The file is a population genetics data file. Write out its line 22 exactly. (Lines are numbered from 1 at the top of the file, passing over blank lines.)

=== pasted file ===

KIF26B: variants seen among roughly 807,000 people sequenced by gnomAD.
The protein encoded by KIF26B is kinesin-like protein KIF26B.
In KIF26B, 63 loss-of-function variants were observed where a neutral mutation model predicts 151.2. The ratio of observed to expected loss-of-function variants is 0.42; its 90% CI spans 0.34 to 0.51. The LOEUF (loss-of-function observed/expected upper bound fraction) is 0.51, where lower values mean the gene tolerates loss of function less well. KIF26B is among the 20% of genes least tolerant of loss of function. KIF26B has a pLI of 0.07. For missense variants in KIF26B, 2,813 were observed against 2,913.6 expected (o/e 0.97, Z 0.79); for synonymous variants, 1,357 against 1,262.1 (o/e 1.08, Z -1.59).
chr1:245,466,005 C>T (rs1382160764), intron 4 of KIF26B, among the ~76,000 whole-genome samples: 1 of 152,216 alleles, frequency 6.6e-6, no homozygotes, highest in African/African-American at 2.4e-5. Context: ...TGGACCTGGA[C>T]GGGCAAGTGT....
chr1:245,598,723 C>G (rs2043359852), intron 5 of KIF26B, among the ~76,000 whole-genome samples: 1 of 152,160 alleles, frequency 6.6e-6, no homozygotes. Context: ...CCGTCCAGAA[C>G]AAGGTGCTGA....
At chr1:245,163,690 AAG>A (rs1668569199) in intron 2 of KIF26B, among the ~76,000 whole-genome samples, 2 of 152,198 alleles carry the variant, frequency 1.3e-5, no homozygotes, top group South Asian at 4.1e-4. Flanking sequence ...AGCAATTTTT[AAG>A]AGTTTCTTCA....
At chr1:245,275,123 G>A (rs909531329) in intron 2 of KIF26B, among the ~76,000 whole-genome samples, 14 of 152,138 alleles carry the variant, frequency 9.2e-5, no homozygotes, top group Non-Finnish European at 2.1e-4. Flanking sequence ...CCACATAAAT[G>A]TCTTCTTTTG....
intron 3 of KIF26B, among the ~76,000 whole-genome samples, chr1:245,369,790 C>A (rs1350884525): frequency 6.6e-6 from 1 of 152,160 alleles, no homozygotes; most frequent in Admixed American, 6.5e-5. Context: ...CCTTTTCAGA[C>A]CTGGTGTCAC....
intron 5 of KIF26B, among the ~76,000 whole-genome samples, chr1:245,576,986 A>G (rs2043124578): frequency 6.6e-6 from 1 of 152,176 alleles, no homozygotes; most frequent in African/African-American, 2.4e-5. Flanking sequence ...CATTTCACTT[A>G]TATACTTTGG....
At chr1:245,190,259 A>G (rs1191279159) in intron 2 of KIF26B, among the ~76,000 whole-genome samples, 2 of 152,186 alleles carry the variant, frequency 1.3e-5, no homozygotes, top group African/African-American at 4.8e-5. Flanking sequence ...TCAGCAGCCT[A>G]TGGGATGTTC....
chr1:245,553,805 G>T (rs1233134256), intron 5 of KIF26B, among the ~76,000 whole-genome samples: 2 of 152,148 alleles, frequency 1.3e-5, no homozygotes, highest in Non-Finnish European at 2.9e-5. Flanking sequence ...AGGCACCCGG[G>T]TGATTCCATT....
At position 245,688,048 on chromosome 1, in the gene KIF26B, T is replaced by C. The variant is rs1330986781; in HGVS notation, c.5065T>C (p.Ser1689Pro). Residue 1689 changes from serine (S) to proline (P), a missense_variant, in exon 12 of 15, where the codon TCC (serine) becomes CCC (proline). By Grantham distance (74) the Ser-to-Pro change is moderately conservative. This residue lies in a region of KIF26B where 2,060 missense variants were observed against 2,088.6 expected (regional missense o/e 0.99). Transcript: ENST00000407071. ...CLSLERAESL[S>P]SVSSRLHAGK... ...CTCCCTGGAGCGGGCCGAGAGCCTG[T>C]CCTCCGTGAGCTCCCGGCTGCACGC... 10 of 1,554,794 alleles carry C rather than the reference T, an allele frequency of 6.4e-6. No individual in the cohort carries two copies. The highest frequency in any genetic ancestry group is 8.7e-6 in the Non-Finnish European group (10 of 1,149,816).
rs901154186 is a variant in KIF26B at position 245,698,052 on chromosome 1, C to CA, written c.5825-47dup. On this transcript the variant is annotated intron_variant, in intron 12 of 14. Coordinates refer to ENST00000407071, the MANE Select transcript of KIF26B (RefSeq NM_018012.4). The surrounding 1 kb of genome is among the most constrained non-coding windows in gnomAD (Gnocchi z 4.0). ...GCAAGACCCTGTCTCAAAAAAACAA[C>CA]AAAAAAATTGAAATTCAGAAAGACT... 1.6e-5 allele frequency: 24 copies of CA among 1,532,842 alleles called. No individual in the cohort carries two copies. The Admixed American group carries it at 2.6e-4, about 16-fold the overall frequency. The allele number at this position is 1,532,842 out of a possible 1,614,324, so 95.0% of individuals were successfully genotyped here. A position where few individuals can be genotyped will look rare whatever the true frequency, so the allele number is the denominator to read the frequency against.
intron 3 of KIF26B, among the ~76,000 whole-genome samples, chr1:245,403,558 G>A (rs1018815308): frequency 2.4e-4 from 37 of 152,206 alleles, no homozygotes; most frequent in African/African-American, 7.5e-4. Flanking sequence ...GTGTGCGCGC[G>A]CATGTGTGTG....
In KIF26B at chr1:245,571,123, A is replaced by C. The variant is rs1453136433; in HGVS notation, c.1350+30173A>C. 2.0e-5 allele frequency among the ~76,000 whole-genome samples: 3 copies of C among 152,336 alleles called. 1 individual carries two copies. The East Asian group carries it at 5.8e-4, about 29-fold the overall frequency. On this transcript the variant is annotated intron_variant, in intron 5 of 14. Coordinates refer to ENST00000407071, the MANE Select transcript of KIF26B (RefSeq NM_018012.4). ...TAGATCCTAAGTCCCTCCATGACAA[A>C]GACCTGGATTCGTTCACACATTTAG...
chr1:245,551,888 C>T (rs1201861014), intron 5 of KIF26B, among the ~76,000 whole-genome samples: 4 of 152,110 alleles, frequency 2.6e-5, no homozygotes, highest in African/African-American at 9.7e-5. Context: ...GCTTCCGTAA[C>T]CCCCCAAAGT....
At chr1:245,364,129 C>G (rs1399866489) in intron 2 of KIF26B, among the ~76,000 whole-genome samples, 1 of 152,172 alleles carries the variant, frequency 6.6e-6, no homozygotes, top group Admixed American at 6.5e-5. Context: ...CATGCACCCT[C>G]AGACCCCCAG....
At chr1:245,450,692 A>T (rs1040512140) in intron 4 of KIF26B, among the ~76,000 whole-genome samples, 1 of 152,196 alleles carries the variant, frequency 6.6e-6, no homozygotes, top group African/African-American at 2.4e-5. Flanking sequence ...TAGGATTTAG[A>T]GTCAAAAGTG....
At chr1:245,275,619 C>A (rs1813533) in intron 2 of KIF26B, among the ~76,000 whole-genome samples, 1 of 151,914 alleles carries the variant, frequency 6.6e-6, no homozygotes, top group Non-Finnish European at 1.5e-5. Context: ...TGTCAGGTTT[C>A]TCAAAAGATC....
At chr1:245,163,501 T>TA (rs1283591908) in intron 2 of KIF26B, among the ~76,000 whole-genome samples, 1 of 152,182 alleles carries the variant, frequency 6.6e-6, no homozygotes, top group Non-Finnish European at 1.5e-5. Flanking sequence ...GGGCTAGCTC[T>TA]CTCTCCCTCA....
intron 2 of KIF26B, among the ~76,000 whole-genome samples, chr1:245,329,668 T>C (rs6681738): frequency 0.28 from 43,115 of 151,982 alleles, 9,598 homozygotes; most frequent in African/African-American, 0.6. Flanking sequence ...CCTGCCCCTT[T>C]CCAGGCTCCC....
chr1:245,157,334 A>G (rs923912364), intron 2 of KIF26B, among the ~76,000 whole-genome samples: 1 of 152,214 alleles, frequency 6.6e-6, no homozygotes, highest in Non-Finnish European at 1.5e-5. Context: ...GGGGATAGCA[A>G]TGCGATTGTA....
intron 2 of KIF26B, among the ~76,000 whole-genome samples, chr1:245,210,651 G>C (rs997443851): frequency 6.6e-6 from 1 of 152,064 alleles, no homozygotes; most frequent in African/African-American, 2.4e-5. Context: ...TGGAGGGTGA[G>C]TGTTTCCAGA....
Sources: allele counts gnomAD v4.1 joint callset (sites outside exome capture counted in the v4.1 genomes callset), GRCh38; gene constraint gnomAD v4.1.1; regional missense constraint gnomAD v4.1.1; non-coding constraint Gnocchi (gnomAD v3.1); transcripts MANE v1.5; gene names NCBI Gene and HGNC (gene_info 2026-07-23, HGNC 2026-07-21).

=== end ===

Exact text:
chr1:245,157,334 A>G (rs923912364), intron 2 of KIF26B, among the ~76,000 whole-genome samples: 1 of 152,214 alleles, frequency 6.6e-6, no homozygotes, highest in Non-Finnish European at 1.5e-5. Context: ...GGGGATAGCA[A>G]TGCGATTGTA....